Paul Gazzola’s installation spin solo/spin in Gallery 1 entertains in the tradition of an ancient wind-up tin toy. Dressed in an Elvis suit and standing on a wooden disk that spins by means of a rope and motor. Gazzola’s dinky apparatus is as charming as his casual banter with the audience. Fielding questions about the work, Gazzola offers us a turn on his machine and then projects his own image into the space he had occupied while he has a rest (spin double). This DIY entertainment in an arcade style set-up has the kind of magic that only simple, comprehensible technology can.  Erin Brannigan, REALTIME Dec 02

Devised in 2002 it was the first work in the ongoing series – Situations Series. These works have an initial two-fold point of research. First in the function of the performing body as the central element in installation based works and secondly in exploring the role and ‘performative’ aspect of the public when viewing gallery art. Originally proposed as a scenography for a larger performance spin solo /spin double looks to combine ideas of living gods on earth and the rejuvenating/transformational aspect of spinning associated with the spiritual ritualism of Sufism. Duration: 1 – 6 hours

Description – A figure dressed in a white suit, not dissimilar to that which is characteristic of Elvis is seen standing on a rotating platform in a dimly lit room. The platform is powered by a small electric motor and connected by a single pulley. Quietly rotating anti clockwise, the figure remains silent and open to the publics gaze as it turns on the spot. After a period of 7 minutes a video projection of the same image (of equal dimension) appears into view on the wall directly behind the live figure. This overlaying effectively replaces the live body and inturn becomes its cue to step off the platform and take a seat amongst the public. We now see the image of the recorded figure rotating as the ‘original’ sits down and waits. Another period of 7 minutes transpires until the projected image walks off the screen, which is the sign for the live figure to walk back onto the platform. This interchange and act of replacing between the live and pre-recorded image becomes the basis of this durational work. Within this set-up, the live figure intermittently asks if the public are interested to ask any questions. Initially stating, “You can ask me questions if you like”. This act to disarm the quiet of the room and broach a possibility to discourse generates a window for the public to inquire about the works intentions, as the live figure is highly forthcoming to answer any questions asked. Inevitably someone from the public asks to take a turn on the platform, creating a situation where they become the displayed object and inturn are projected upon by the video image.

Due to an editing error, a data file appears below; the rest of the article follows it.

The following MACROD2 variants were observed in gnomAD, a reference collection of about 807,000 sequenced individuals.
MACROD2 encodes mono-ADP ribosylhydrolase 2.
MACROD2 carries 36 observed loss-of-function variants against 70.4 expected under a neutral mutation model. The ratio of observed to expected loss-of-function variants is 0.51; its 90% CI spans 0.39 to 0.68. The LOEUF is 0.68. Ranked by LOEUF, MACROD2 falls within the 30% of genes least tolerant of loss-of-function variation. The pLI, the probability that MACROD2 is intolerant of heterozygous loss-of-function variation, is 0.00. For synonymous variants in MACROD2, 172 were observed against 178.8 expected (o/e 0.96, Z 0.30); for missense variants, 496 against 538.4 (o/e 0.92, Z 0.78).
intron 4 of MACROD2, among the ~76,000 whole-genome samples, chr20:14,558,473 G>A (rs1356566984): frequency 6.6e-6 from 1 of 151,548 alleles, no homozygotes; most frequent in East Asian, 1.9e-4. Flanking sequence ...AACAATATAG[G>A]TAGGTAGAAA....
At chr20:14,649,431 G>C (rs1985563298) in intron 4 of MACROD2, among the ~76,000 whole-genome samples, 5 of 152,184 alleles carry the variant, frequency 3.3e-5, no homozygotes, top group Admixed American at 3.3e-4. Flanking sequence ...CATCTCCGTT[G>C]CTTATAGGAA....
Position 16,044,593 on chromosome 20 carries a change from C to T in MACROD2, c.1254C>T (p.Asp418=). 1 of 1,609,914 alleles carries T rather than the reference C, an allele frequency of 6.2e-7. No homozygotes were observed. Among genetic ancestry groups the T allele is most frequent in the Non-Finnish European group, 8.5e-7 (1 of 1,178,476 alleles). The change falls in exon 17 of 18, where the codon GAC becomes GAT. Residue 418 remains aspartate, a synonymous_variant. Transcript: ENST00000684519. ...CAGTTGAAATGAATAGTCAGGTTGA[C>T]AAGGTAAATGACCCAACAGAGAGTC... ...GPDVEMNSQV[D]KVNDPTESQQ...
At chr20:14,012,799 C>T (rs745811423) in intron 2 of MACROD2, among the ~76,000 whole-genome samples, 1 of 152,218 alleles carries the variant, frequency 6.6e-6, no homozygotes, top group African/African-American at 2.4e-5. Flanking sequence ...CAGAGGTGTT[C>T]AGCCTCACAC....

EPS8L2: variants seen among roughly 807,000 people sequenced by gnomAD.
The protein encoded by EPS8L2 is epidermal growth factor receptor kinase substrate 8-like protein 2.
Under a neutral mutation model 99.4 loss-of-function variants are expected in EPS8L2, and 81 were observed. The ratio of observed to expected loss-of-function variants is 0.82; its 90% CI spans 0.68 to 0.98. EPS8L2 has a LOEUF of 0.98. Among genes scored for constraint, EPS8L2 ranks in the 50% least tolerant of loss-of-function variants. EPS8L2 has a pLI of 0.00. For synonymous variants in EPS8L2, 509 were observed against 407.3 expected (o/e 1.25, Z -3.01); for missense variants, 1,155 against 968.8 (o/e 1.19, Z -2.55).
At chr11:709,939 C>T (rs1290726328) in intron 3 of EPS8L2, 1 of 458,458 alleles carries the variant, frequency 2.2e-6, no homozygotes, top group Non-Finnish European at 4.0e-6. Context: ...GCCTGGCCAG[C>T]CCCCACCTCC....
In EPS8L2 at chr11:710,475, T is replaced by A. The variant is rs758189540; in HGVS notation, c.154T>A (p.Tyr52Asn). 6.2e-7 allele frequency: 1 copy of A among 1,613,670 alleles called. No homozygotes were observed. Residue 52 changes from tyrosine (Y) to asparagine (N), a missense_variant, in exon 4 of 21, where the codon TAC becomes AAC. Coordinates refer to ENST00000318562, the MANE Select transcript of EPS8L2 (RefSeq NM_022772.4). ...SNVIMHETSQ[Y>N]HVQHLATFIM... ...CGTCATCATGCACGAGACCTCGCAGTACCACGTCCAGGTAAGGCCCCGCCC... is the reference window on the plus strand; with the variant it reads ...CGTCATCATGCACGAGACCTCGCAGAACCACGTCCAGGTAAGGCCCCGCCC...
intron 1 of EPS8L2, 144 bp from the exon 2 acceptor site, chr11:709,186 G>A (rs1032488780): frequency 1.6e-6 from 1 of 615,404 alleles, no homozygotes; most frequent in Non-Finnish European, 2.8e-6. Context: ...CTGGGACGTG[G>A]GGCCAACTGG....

This inversion of public as performer and performance, the layering of images through acts of replacement and the friendly discourse encouraged, in combination with the iconic and mythological status of the Elvis character, all aim to set up a more social setting for the presentation of spin solo/spin double and the destabilization of the silence and reverence inscribed in its initial reading. Encouraging the production of other modalities of transmission and exchange with the public space.

2009 Sara Asperger Gallery, Berlin
2007 Theatre fur alle, Bremen
2005 The Magic of Real Life in Real Situations, CCA, Glasgow
2004 Tanz in August, Berlin
2003 Melbourne International Festival of the Arts
2002 Antistatic 2002, Performance Space, Sydney

Developed in part with the assistance of participating artists and facilitators at the 2002 Time_Space_Place 1 forum. An initiative of the New Media Arts Board of the Australia Council, PICA, Perth and the Performance Space, Sydney